The World Bank reported this Saturday that it is prepared to disburse “quickly” up to $350 million (about 309 million euros) to Ukraine once approved by its Board of Directors, before the end of March. This Saturday the president of the World Bank, David Malpass, met in Munich, Germany, with the Ukrainian president, Volodimir Zelenski, whom Malpass has transferred the support of the entity to the Ukrainian people and their willingness to meet the needs of their economy “short and long term”.
After this disbursement of 309 million “there will be greater budget support and additional reforms, including the energy and climate sectors,” explains the official note from the World Bank. Malpass and Zelensky have also addressed “the robust project plans (from the World Bank) in Ukraine, including energy efficiency, infrastructure, railways and strengthening the economy and employment opportunities in eastern Ukraine.”
The disbursement is in addition to the financial aid approved by the European Union in the amount of 1,200 million in additional funds. The community bloc considers that the geopolitical tensions with Russia are harming the Ukrainian economy and they hope that this package will help mitigate this damage. “Persistent security threats have already caused a substantial capital outflow. Ukraine is losing access to international capital markets due to increased geopolitical uncertainty and its impact on the economic situation.”
The French Minister of the Economy, Bruno Le Maire, the country that holds the rotating presidency of the EU, pointed out that the proposal approval of the European Commission by the Twenty-seven shows that the EU supports Ukraine “also economically”. The idea is to soon disburse a first tranche of 600 million euros. Brussels defends that during the last years the commitment with the modernization of the country of the east of Europe has materialized with important financial aids. Since 2014, when Russia annexed the Crimean peninsula, the European bloc has backed Kiev with €17 billion.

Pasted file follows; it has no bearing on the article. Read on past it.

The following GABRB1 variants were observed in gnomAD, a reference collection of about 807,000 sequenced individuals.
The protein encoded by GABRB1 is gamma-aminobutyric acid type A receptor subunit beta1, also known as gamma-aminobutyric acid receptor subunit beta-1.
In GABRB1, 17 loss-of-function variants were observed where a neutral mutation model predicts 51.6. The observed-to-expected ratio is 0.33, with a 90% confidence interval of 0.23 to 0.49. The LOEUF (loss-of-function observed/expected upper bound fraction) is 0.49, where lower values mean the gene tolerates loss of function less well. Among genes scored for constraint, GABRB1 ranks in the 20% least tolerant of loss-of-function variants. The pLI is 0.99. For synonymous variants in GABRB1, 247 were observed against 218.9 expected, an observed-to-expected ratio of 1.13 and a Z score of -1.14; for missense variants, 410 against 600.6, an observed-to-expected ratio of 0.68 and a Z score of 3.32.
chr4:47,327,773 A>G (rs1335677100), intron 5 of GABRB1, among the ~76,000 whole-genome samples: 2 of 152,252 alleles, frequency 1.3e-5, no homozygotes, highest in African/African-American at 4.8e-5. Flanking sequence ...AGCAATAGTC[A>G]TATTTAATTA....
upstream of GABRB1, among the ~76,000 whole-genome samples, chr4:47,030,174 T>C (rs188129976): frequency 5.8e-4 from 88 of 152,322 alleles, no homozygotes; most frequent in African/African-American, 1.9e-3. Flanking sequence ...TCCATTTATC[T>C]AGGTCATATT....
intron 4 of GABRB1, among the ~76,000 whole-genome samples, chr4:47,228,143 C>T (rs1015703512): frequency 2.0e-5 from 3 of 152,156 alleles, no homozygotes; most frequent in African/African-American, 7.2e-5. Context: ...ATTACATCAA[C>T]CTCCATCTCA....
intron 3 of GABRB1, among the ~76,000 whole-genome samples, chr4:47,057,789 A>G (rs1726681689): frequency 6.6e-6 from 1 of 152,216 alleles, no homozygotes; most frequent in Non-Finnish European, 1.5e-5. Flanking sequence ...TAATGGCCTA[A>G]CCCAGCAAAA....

Likewise, Brussels has assured that it prepares a “robust” package of sanctions against Russia if a conflict finally breaks out over Ukraine. In her appearance during the second day of the Munich Security Conference, the President of the European Commission, Ursula von der Leyen, outlined the answer guidelines of the European Union and NATO before a possible Russian invasionbeginning with these warnings.
Without going into details, Von der Leyen referred to these penalties, the imposition of which could mean “a high cost and serious consequences to Moscow’s economic interests.” “The Kremlin’s dangerous thinking, coming from a dark past, may cost Russia a prosperous future,” Von der Leyen warned. “The EU and the transatlantic community are fully aligned and united,” has declared who in any case expressed his wish that “diplomacy ends up prevailing” and the crisis is resolved in the most bloodless way possible.